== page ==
Great Gear: Pain Relievers

Grab some trekking poles. Your knees will thank you.

“Four legs good! Two legs bad!” An odd reference, perhaps, in the context of hiking. But the old Orwellian catchphrase rings true on the trail when your knees start to creak.

Indeed, a pair of trekking poles can serve as a set of extra legs, doubling support for your hips, ankles, and knees. Every step is dampened and absorbed—important when wearing a heavy backpack—and balance is easier to maintain on a steep slope with these in hand.

Here are six trekking pole options—high-end and budget buys, with cork handles and Neoprene straps. All models shown have carbide tips to bite the ground. Some include shock-absorbing features to further dampen your footprint while plodding down a mountain or hill.

Now, grip a pair of poles and stride forth. Your pseudo-legs will serve to soften each step, extending to stab the ground as you hike happily on “four legs” down the trail.

From left, REI Traverse, Mountainsmith Carbonlite Pro, Crescent Moon 3 Section Collapsible, Black Diamond Syncline, Komperdell C3 Carbon Powerlock, Leki Carbonlite Aergon


A relative budget buy, the Traverse has a stout aluminum alloy shaft and soft EVA foam handgrips. The pole’s internal locking mechanism keeps the three-section telescoping system set in place once adjusted for length. It slinks down to 26 inches for stowing on a backpack.

A carbon-based pole at a more affordable cost. That’s the promise from Mountainsmith with its Carbonlite Pro, a telescoping model made of carbon-wrapped 7075 aluminum. Add a cork/rubber grip, adjustable wrist straps, built-in antishock cushion, and you have a solid outrigger for your arm at an easy price.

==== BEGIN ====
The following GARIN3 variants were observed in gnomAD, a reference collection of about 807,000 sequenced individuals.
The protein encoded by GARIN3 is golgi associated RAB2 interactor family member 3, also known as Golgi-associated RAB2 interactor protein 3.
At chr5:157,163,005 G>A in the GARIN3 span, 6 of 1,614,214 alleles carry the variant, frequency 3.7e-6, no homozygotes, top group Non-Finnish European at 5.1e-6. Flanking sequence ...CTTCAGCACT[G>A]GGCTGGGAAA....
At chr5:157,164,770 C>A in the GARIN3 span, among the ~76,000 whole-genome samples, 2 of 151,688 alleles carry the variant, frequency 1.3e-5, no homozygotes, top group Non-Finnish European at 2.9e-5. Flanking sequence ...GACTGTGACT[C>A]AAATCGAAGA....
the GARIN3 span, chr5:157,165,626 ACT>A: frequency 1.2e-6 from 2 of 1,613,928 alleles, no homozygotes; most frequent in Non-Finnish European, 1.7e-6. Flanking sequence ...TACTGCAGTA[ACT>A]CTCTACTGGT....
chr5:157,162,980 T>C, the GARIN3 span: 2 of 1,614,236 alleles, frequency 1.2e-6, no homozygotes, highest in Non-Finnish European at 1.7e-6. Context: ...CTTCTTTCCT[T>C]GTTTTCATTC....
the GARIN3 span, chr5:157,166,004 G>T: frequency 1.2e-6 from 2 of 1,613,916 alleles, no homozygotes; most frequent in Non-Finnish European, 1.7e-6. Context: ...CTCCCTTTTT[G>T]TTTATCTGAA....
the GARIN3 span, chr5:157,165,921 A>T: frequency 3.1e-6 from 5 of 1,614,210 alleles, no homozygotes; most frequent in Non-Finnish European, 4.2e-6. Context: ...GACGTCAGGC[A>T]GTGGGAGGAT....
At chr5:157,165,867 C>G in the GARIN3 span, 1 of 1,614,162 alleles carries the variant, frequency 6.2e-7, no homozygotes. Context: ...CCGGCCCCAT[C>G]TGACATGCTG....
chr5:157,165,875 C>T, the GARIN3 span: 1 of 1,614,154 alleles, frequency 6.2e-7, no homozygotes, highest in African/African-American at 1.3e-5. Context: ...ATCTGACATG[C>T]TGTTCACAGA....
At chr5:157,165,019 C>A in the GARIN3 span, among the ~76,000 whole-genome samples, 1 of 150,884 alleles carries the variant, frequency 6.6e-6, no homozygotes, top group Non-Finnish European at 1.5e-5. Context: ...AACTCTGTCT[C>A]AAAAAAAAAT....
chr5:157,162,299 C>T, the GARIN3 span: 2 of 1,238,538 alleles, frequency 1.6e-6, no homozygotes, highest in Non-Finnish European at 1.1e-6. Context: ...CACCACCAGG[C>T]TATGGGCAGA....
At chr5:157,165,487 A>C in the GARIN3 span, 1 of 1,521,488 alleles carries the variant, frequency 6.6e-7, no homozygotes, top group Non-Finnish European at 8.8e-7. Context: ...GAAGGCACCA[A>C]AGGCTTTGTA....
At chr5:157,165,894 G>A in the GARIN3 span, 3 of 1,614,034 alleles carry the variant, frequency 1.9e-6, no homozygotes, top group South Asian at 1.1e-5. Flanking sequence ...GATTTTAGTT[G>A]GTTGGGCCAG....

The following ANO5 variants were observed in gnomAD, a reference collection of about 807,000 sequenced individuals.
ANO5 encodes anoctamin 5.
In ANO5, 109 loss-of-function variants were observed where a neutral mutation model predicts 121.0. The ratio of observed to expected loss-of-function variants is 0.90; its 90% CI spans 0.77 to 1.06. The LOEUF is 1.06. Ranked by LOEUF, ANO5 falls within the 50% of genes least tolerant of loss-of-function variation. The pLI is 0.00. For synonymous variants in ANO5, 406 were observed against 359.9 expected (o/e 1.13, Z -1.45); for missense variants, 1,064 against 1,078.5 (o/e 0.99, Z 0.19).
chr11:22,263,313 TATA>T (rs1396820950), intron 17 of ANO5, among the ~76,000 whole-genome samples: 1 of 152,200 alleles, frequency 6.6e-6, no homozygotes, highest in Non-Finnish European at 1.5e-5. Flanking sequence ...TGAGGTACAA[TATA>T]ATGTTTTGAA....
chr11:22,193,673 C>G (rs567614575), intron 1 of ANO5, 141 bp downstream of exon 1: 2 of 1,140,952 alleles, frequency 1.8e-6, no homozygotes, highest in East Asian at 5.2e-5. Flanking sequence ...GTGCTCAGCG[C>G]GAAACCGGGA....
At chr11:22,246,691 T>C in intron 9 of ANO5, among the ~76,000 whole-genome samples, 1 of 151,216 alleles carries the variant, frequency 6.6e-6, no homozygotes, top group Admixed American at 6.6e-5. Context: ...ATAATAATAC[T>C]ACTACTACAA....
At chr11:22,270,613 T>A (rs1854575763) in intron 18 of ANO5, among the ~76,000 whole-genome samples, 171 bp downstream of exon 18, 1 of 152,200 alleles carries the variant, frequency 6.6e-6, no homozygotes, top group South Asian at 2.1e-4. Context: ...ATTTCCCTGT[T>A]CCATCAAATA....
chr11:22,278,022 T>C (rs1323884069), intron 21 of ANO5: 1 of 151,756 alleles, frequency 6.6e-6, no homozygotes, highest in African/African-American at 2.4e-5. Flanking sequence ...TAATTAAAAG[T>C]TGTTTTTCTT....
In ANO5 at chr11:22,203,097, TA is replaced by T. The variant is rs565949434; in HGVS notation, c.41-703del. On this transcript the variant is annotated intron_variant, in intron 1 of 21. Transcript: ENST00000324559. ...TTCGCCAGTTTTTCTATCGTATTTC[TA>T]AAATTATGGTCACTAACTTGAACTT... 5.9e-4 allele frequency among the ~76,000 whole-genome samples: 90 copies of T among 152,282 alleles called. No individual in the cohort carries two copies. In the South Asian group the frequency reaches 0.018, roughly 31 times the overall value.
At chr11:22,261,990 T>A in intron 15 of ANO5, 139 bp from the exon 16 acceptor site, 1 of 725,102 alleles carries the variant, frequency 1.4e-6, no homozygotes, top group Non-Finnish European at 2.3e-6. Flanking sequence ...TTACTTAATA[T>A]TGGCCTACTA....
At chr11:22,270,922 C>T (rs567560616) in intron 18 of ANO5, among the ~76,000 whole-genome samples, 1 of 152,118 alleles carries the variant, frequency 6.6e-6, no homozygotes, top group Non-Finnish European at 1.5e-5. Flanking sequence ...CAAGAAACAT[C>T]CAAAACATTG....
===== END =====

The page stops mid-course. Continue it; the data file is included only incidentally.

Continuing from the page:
Snowshoe manufacturer Crescent Moon sells trekking poles on the side. The
3 Section Collapsible model is made of aircraft-grade aluminum and comes with two sets of baskets—one for snow, one for land. The adjustable pole has a shock-absorbing feature that you can turn on or off depending on the type of frozen or solid terrain currently underfoot.

At about 10 ounces per pole, the aluminum Synclines swing easily in the hand. The two-section trekking pole is made for year-round use—just switch baskets when the snow piles deep. The company’s FlickLock adjustment system extends the poles from 38 to 59 inches.

Tested in the Alps—and made in a factory in Austria—the top-shelf C3 Carbon PowerLock is a strong and lightweight model that’s among the priciest poles on the market. It’s constructed with carbon fiber and high-end alloy, creating a solid pole that weighs just 8.9 ounces in each hand. You can adjust the poles’ length in seconds from short to long with a lever on the shaft.

LEKI touts its new SpeedLock system as “the strongest external pole locking system in the world.” On the pole shaft, red levers open and close to adjust pole length. The company’s AERGON grip gives multiple options for grappling a pole on nearly any type of terrain. The poles weigh a scant 7.3 ounces.

Stephen Regenold writes about outdoors gear at

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